sounds like lots of work but could be done. (will be significantly more work if translated and done for several languages)


These are all great!

This is part of what I meant by history. Even if something is just a week old, it is still history.

If you read my post the observation was regarding experts, not jugglers in general.

Yes, but at least then the door is open to learn more, and there is an awareness of the possibility that these things could be studied and learned from, even if I choose not to. I feel that this is the greatest difference in juggling - we have no established tradition of juggling knowledge, not even a sense that such knowledge could be had.

I certainly agree, but it should not be that way. I agree that there are no jugglers as famous as Picasso, but there are jugglers who had as great of an impact on juggling (perhaps even greater in some cases) as Picasso had on art, so I think that is an error on our behalf and not of the significance of the historically important jugglers.

I am glad to hear that! The jugglers I meet have very limited knowledge, with the exception of a few.

This is exactly what I meant by practice, but perhaps technique is a better word to represent that category.

This is a tricky one, because “pretty” is highly subjective, so I’d leave this out of knowledge perhaps? Not sure what to make of that one.

All the difference. The way I have set this up in classes for discussion, have been like this:
Imagine two teams of scientists, both with the task of creating a new Television. They are each given a lab with material, but are shut out from the outside world. The first team gets to work immediately, where as the other team gets access to all information that ever existed about how to make a TV and the entire development of TV making and all knowledge related to it. Which team will end up with a better invention?

I should probably rephrase that, because I am not sure I wish to establish anything. I think people should be completely free to think and do what ever they want. It is more of an observation that the juggling world looks like this and why is that etc. I guess my only wish is for a discussion (which we are now having, so I am already satisfied) and then people can do whatever they want.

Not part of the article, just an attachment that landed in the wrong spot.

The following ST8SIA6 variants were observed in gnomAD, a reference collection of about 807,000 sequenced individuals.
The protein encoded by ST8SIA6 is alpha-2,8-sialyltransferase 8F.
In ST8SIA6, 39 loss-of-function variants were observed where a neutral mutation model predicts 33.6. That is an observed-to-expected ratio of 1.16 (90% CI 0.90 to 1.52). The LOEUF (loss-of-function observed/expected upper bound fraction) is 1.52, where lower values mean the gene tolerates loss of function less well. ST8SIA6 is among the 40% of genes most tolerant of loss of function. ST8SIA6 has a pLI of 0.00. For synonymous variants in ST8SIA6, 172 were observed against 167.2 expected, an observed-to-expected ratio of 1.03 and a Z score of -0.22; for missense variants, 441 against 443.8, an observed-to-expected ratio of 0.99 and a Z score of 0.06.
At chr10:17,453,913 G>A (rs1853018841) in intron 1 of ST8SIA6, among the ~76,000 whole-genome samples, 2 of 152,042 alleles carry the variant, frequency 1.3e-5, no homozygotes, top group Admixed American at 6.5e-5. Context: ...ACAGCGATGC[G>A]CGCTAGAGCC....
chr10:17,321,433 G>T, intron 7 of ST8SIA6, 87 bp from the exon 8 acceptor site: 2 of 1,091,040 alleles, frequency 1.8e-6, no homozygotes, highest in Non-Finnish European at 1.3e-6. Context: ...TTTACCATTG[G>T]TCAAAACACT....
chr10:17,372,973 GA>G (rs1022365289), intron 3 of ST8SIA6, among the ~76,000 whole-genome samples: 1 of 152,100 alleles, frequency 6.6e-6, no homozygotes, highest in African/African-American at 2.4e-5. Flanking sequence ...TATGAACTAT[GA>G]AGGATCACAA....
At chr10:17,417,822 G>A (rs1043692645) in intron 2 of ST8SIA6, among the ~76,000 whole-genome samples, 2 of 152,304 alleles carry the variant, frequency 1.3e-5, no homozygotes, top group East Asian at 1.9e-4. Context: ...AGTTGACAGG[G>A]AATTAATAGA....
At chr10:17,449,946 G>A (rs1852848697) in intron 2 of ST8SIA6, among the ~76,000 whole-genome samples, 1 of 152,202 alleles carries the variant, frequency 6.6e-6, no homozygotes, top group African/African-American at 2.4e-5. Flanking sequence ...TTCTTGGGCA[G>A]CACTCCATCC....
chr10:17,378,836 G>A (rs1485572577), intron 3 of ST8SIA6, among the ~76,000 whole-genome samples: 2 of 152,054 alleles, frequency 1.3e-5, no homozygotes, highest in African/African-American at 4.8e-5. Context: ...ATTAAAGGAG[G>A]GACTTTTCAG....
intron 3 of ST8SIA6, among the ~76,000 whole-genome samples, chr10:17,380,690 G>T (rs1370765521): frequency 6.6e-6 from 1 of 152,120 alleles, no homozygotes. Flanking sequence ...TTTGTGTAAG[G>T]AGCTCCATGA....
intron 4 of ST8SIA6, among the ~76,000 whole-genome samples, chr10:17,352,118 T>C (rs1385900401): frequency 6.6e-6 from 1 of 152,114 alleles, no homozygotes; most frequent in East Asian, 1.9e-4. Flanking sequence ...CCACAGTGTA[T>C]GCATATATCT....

I have to disagree.

From my own experience, when I started juggling, the fact of having barely contact with other jugglers or to what juggling was is what allowed me to persue an highly creative juggling technic.

Also, the last years, my best juggling mate has been living appart from the “real world”. No electricity, no internet, just up in the mountains, juggling once in a while. And every time I go check on him he just surprises me with the stuff he’s doing.


Another area could be Passing. There are a lot jugglers that have specific knowledge about this topic.


Slight update:

  1. History
  2. How to practice and teach technique
  3. Science
  4. Notation and terminology
  5. Methods of research
  6. Health

These are all good thought. I think several areas overlap. If we take the practice of juggling, there is the history of how people have practiced, so which category do we put it in? If something can be in several categories, I think we can just put it in one for now.

Did your friend juggle stones and fruit up in those mountains, or established plastic juggling objects? Did he invent the cascade (and every other pattern or trick he is doing) when he was up there? You could probably think this one through a bit further. That being said, freeing ourselves temporarily from the main development of the field can of course be liberating, but in the greater picture of what is going on, we build on pre-existing ideas.


Passing is a practice and a technique, so there is a category for that already, so it would be a sub category of that.